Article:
The Rock appeared to lose the title by disqualification at one point, but Commissioner Mick Foley restarted the match. That allowed The Great One, his face smeared with blood and sweat, to hit a Rock Bottom for a three-count.
The Rock vs. Kurt Angle (No Mercy)
The weeks and months ahead saw The Rock take on a whirlwind of challenges. He fended off Triple H and Angle at SummerSlam before defending against Kane, Christian and Kane at the same time, Val Venis, others.
At No Mercy, a No Disqualification match against an Olympian awaited. A love triangle between Angle, Triple H, and Stephanie McMahon bled into the bout, furthering The Rock’s theme of overcoming adversaries from all angles.
The Rock vs. Angle morphed into a walk-and-brawl early. The men made good use of the PPV set, hurling each other into their surroundings.
It’s a busily booked match with ref distractions, a Rikishi appearance, and soap opera-style melodrama. Even so, the intensity and chemistry between champion and challenger resonates. When up against a master technician like Angle or Benoit, The Rock’s ring work, not surprisingly, blossomed.
After a number of incredible near falls and a bloody Rikishi’s failed attempt to help The Rock, Angle hit an Olympic Slam for the win.
The Rock would not hold the world title again in 2000. He spent the final months of the year in chase mode, vying for the No. 1 contender’s spot and battling in chaotic title bouts.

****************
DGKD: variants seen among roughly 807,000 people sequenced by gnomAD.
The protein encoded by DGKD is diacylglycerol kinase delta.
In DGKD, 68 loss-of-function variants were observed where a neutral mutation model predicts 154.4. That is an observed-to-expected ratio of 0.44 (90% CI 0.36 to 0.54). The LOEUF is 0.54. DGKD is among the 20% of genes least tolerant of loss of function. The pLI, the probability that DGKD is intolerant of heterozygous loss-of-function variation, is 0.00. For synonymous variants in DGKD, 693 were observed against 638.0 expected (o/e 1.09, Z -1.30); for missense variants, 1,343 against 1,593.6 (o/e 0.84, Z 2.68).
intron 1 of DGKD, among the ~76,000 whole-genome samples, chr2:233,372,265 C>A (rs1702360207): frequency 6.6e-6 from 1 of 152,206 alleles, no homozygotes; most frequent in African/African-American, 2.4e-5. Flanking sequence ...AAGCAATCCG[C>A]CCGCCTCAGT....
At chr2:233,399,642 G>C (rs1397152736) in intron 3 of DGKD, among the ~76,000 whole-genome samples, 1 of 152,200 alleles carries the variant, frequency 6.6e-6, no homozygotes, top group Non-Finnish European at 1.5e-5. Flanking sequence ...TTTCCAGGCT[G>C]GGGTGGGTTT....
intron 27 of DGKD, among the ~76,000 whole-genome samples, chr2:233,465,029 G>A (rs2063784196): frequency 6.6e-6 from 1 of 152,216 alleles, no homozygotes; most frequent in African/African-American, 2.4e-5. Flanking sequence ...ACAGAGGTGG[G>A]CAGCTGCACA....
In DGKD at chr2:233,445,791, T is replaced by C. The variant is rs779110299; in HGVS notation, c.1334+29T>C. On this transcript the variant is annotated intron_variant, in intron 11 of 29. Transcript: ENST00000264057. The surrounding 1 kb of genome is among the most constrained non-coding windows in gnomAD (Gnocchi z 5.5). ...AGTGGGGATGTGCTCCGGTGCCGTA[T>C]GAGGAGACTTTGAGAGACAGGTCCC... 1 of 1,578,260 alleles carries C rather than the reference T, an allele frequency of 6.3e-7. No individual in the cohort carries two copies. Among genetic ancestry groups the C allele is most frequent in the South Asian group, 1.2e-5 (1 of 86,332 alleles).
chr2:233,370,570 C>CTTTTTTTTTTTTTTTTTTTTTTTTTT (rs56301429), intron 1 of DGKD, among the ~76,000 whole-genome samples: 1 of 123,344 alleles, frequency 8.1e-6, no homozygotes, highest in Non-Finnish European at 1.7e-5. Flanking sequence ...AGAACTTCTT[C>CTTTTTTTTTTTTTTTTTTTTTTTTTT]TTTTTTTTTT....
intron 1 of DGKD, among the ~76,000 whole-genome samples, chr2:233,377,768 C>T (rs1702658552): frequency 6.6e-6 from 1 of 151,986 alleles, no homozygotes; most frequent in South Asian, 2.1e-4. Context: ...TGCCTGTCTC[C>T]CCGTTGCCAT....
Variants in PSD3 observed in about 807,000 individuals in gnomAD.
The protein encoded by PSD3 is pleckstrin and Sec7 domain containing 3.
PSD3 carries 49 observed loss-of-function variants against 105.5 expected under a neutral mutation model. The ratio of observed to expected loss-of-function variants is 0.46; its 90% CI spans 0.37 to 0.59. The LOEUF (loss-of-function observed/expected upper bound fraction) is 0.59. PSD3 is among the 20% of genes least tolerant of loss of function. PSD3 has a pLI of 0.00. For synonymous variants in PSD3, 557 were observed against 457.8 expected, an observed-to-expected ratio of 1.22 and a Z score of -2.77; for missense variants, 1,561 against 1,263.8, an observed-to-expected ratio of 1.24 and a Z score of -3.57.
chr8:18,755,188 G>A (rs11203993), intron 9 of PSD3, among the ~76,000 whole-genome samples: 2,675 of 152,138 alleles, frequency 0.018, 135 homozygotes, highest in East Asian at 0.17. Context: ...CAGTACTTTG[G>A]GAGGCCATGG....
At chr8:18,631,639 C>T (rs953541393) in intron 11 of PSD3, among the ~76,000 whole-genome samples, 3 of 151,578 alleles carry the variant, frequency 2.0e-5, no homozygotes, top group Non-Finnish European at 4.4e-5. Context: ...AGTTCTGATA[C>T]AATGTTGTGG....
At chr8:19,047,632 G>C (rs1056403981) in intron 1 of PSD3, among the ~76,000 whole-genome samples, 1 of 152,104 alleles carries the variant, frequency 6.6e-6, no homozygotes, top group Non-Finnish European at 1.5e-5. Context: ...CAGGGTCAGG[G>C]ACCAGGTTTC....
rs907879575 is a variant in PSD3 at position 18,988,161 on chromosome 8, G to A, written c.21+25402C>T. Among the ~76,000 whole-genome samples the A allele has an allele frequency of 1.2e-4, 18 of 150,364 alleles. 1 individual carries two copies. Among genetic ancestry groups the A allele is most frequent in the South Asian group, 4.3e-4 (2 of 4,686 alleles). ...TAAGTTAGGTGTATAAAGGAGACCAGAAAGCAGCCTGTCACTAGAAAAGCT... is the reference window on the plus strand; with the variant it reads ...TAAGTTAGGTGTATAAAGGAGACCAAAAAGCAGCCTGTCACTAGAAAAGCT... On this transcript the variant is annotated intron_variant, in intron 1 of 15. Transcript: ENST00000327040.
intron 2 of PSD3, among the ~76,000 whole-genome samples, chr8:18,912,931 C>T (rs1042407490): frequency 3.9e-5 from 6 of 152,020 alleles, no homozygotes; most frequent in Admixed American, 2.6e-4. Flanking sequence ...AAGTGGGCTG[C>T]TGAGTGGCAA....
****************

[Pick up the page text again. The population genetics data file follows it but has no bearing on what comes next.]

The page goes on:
The Rock vs. Steve Austin vs. Rikishi vs. Undertaker vs. Triple H vs Kurt Angle (Armageddon)
Before these six men stepped inside the Hell in a Cell and wrecked their bodies in the name of entertainment, The Rock famously mocked his opponents in a backstage promo.
That barrage of insults often gets more attention than his contribution to the bout itself. That’s in part because The Rock did his work that night on a crowded stage, a stage that gave the haunting, unforgettable image of Rikishi falling backwards off the cage.
The Brahma Bull contributed plenty to this car-crash classic, though.
A bloodied Rock fed off the chemistry of his archrivals Austin and Triple H. He thrived in the brawl, whether he was chasing down Rikishi or howling in pain after getting thrown into the junkyard cards parked at ringside. He was also thrown onto cars outside the cell, chasing Rikishi for most of it.
Angle survived that ultimate challenge in Birmingham. The Rock, meanwhile, would not reach the climax of his championship quest until February the next year when he won the WWE Championship back from Angle.
Over the next few years, The Rock’s role in WWE shifted. His workload in the ring lessened as he slid into a part-time spot. Hollywood was calling and wrestling couldn’t contain his stardom.
Even when he grew into a blockbuster action star, though, he remains tethered to the wrestling world, making appearances on WrestleMania, and wrestling for short stretches.
His best film role may be yet to come, but we have already seen his best year-long stretch in the squared circle, when he was the gritty, determined babyface in 150-plus matches, when the McMahons struggled to keep a good man down.
Be sure to check out previous editions of the Year of Years series: